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Is it true that an integral domain $R$ is a UFD if and only if intersection of any two principal ideals of $R$ is principal ?

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    $\begingroup$ To give a positive result: If you additionally require that every non-unit is a (finite) product of irreducible elements, then $R$ is a UFD. So your assumptions somehow give you the uniqueness of factorization once you have some factorization at first. $\endgroup$ – MooS Apr 14 '15 at 10:49
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A ring $R$ such that the intersection of any two principal ideals of $R$ is principal is exactly a GCD domain. And a GCD domain need not be an UFD.

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  • $\begingroup$ Could you please add a proof to the fact that an integral domain $R$ is a GCD domain if and only if intersection of any two principal ideals of $R$ is again principal ? $\endgroup$ – user228168 Apr 14 '15 at 13:01
  • $\begingroup$ @SaunDev This can be derived from the following two results: First, in an integer domain, $(a)\cap(b)$ is principal iff $\text{lcm}(a,b)$ exists, and in this case, $(a)\cap(b)=(\text{lcm}(a,b))$. Second, in an integer domain, if $\text{lcm}(a,b)$ exists, then $\gcd(a,b)$ exists and $\text{lcm}(a,b)\cdot\gcd(a,b)=ab$. Which results do you need a proof? $\endgroup$ – Censi LI Apr 14 '15 at 14:20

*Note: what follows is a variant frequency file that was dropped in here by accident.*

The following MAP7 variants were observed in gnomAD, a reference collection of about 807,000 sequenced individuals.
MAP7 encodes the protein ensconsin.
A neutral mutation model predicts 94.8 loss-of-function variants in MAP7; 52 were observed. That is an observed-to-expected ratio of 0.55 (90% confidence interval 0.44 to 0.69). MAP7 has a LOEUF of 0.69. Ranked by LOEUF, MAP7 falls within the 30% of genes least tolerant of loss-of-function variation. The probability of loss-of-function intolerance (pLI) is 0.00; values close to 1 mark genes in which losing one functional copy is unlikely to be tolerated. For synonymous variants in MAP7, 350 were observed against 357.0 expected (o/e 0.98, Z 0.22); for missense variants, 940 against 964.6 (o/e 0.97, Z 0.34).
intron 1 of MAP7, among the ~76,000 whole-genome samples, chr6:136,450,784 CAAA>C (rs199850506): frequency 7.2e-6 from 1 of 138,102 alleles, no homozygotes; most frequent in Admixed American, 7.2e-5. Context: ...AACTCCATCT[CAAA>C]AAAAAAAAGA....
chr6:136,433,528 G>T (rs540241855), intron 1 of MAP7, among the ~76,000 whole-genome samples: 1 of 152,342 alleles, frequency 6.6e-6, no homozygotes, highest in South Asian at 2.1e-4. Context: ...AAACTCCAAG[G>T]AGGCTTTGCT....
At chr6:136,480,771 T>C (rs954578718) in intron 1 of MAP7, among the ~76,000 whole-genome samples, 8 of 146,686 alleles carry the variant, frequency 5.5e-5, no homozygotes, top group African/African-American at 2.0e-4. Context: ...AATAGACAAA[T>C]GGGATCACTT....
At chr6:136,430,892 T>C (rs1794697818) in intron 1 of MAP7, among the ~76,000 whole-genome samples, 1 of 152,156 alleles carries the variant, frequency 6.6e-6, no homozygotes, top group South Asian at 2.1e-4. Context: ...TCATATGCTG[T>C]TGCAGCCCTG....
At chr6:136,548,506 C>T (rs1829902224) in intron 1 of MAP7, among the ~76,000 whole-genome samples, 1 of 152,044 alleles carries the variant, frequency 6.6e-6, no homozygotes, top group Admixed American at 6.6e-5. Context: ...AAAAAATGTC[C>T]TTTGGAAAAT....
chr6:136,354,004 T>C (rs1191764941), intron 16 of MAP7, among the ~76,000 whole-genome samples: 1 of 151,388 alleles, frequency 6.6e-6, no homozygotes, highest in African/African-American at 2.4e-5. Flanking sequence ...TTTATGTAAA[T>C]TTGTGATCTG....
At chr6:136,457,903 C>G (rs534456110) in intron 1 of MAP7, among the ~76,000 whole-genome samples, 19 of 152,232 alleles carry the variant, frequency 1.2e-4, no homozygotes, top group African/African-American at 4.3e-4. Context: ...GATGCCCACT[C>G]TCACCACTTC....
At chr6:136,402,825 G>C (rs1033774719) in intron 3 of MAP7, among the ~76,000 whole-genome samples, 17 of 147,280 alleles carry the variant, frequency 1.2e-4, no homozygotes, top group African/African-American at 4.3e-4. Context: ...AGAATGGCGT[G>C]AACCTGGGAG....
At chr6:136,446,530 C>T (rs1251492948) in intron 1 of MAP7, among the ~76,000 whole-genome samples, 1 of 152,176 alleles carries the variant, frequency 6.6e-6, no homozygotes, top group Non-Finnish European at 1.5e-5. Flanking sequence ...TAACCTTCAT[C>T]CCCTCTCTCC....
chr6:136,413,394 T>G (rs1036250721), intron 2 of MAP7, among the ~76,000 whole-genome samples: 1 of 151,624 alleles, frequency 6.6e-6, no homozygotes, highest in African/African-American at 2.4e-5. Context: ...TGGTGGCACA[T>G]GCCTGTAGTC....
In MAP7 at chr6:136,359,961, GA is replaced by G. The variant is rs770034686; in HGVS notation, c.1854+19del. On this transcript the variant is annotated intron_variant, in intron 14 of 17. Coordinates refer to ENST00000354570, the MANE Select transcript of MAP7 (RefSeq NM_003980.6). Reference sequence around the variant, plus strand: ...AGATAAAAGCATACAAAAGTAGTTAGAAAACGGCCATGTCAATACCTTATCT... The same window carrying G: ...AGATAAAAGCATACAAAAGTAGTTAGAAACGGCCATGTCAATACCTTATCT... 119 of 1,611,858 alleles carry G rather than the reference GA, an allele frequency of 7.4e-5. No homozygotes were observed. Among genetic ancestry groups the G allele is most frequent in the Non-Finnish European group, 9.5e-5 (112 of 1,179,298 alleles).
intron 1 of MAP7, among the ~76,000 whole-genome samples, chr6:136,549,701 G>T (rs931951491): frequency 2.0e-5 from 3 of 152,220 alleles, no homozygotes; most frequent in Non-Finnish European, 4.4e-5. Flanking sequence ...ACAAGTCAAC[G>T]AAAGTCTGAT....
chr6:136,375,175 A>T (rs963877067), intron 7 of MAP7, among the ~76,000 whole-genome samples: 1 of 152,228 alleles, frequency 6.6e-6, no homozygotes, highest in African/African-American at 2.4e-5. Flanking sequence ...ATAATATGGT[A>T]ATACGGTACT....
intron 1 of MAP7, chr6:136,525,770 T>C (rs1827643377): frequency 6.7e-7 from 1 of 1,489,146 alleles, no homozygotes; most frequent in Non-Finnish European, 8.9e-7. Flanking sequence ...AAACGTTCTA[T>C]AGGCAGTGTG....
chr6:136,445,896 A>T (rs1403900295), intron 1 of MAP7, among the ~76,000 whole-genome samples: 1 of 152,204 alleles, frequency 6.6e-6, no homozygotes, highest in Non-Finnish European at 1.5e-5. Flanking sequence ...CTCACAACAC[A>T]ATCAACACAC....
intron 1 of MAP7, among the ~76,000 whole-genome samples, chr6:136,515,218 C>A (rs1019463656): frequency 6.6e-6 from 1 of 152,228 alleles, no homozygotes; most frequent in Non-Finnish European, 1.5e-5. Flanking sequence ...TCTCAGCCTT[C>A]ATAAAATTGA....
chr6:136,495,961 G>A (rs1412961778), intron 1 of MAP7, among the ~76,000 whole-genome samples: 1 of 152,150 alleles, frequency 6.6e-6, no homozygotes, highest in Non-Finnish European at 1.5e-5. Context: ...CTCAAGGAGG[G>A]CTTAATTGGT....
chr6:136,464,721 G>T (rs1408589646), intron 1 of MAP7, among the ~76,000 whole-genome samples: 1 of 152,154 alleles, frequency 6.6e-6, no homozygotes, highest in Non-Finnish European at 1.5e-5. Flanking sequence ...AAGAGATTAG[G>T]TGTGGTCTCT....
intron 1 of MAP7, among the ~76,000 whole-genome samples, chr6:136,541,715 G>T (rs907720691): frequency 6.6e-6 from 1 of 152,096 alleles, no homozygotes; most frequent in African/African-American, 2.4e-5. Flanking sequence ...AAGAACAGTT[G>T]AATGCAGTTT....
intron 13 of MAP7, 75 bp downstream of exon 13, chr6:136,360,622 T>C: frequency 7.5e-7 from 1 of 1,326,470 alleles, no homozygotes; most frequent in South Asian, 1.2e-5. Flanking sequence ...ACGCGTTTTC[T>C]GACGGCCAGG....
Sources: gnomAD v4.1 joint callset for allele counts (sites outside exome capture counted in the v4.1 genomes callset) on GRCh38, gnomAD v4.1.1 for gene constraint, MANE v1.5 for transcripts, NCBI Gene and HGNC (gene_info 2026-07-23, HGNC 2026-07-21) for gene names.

• $\begingroup$ I need the proof that if $lcm$ exists then gcd exists . And what about the converse , Is it true that in a GCD domain , intersection of two principal ideals is principal ? $\endgroup$ – user228168 Apr 14 '15 at 14:29
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    $\begingroup$ @SaunDev If $\text{lcm}(a,b)$ exists, write it as $c$, it's sufficient to prove that $\frac{ab}c$ is the $\gcd$ of $a$ and $b$. Firstly, $\frac{ab}c$ divides $a$ and $b$ since $\frac{ab}c\cdot\frac cb=a$ and $\frac{ab}c\cdot\frac ca=b$. Secondly, if $d\mid a$ and $d\mid b$, then it's easy to see $\text{lcm}(\frac ad,\frac bd)=\frac cd$, which implies that $\frac cd\mid\frac ad\cdot\frac bd$, thus the conclusion. $\endgroup$ – Censi LI Apr 14 '15 at 16:13
  • $\begingroup$ @SaunDev Your conjecture that in a GCD domain, lcm always exists, is true. But the converse of the second of the above result fails, that is, in a integer domain, if for a certain pair of $a,b$, that $\gcd(a,b)$ exists doesn't imply that $\text{lcm}(a,b)$ exists. $\endgroup$ – Censi LI Apr 14 '15 at 16:16
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No, this is not true. A counterexample is the ring of holomorphic functions $R=Hol(\Bbb{C})$.

$R$ is not a UFD because irreducible (and prime as well) elements of $R$ are functions with exactly one zero with multiplicity 1. However, there are some functions with infinite zeroes (e.g. $\sin z$), and such functions cannot be factorized as a product of finitely many irreducible functions. A theorem by Weierstrass tells us that these functions can be written as an infinite product of irreducible functions. As an example $$\sin z = \pi z\prod_{k=-\infty, k \neq 0}^{+\infty} \left( 1 - \frac{z}{k} \right)$$

But now, suppose $f,g \in R$. Then $(f)\cap(g)$ is generated by a least common multiple of $f$ and $g$, which can be constructed factoring $f$ and $g$ as a (possibly infinite) product of irreducible functions.

This ring $R$ is not a UFD, but it is almost a UFD. Every element can be written as a (possibly infinite) product of irreducible elements. This can be done because of the topological structure of $\Bbb{C}$. In general, in an algebraic setting you are not allowed to write infinite products.

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